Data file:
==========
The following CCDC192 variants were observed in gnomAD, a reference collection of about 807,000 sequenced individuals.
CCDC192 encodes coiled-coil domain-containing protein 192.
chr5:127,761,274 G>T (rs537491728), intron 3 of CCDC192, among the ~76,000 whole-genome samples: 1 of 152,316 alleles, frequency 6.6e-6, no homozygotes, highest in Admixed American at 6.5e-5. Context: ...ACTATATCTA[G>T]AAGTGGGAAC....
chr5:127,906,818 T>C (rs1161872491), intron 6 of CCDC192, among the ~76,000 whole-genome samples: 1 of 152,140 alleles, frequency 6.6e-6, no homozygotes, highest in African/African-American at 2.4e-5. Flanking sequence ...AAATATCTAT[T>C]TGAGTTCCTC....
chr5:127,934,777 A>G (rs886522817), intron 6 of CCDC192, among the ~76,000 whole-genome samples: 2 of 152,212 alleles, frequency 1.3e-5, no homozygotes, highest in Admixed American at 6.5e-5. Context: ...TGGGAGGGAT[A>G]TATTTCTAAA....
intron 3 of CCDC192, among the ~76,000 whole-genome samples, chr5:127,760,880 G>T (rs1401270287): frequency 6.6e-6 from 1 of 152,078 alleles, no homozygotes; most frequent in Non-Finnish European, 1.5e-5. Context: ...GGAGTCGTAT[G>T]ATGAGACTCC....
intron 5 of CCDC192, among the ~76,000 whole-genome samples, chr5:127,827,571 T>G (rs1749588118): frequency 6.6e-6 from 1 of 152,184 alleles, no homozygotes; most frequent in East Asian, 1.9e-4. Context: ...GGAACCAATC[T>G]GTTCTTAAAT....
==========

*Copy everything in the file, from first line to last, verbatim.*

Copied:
The following CCDC192 variants were observed in gnomAD, a reference collection of about 807,000 sequenced individuals.
CCDC192 encodes coiled-coil domain-containing protein 192.
chr5:127,761,274 G>T (rs537491728), intron 3 of CCDC192, among the ~76,000 whole-genome samples: 1 of 152,316 alleles, frequency 6.6e-6, no homozygotes, highest in Admixed American at 6.5e-5. Context: ...ACTATATCTA[G>T]AAGTGGGAAC....
chr5:127,906,818 T>C (rs1161872491), intron 6 of CCDC192, among the ~76,000 whole-genome samples: 1 of 152,140 alleles, frequency 6.6e-6, no homozygotes, highest in African/African-American at 2.4e-5. Flanking sequence ...AAATATCTAT[T>C]TGAGTTCCTC....
chr5:127,934,777 A>G (rs886522817), intron 6 of CCDC192, among the ~76,000 whole-genome samples: 2 of 152,212 alleles, frequency 1.3e-5, no homozygotes, highest in Admixed American at 6.5e-5. Context: ...TGGGAGGGAT[A>G]TATTTCTAAA....
intron 3 of CCDC192, among the ~76,000 whole-genome samples, chr5:127,760,880 G>T (rs1401270287): frequency 6.6e-6 from 1 of 152,078 alleles, no homozygotes; most frequent in Non-Finnish European, 1.5e-5. Context: ...GGAGTCGTAT[G>T]ATGAGACTCC....
intron 5 of CCDC192, among the ~76,000 whole-genome samples, chr5:127,827,571 T>G (rs1749588118): frequency 6.6e-6 from 1 of 152,184 alleles, no homozygotes; most frequent in East Asian, 1.9e-4. Context: ...GGAACCAATC[T>G]GTTCTTAAAT....